ARLINGTON -- Rangers catcher Jonathan Lucroy saw this coming. He told Mike Napoli when they were sitting alone on the bench well before the start of the Rangers' 5-2 victory over the Padres.
"Before the game, we were on the bench, I told him, 'You're going to have a big game today, I can feel it,'" Lucroy said. "I just felt it and it ended up working out. I just have confidence in him, the guy can hit. Sooner or later the guy is going to break out. He's really good."
Lucroy was right. Napoli crushed two home runs, including a three-run shot in the bottom of the ninth inning that carried the Rangers to a walk-off victory and their third straight win.
"Well, that's the thing about this team," Napoli said. "We have each others' back, we root for each other, we want everyone to do good. So in tough times, it's nice to be able to lean on your teammates for their support. Always being enthusiastic towards you and reassuring you that you're able to perform in this tough game."
Napoli's first home run was projected at 433 feet by Statcast™. The second one was projected at 448 feet, making Napoli only the second player to hit two home runs of more than 430 feet this season. The other was Giancarlo Stanton of the Marlins.
The second home run also had an exit velocity of 110.7 mph, making it the hardest and longest ball hit by Napoli this season.
Lucroy made a daring prediction. Napoli entered the game hitting .149 in his last 25 games and .160 for the season along with a .320 slugging percentage.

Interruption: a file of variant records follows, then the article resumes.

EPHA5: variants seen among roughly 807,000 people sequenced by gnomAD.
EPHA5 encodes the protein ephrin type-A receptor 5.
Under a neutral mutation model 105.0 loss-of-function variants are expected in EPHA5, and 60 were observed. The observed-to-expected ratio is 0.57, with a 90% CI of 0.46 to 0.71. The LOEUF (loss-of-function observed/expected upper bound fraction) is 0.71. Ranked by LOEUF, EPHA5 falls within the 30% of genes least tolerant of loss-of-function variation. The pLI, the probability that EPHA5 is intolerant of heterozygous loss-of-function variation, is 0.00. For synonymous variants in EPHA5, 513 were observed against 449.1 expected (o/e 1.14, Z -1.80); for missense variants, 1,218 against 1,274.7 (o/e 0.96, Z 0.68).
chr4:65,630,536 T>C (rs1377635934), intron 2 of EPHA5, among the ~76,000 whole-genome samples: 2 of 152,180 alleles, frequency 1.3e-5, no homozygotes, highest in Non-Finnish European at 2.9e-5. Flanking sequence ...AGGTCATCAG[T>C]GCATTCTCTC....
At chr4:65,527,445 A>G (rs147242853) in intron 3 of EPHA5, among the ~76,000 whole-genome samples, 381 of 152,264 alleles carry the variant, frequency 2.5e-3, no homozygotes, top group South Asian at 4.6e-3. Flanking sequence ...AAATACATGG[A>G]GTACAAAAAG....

"Every day I wake up and it's a new day," Napoli said. "I believed him. I never come into something thinking I'm going to fail. It's always, 'I'm going to go up there and try to execute a plan,' and I'm confident that I'm going to get something done. So when he said that, I smiled and I gave him a look of 'let's get it on.'"
The three-run home run in the ninth was the game-winner, but the first one was just as big. Padres left-hander Clayton Richard, protecting a 2-0 lead, took a three-hit shutout into the eighth before Napoli woke up the Rangers with a leadoff home run.
"The at-bat before felt pretty good," Napoli said. "It was a feeling I've been looking for a long time, and in that last at-bat, I was just trying to repeat it."
The Rangers' ninth-inning rally came against right-handed reliever Brandon Maurer. The Rangers tied the score on three straight one-out singles by Elvis Andrus, Lucroy and Rougned Odor before Napoli crushed one into the second deck in left field to win it for the Rangers.
"These guys were grinding all night," Rangers manager Jeff Banister said. "It's no secret we haven't mounted much of a challenge against left-handed starters. When you put a run on the board in that situation, it creates a buzz in the dugout."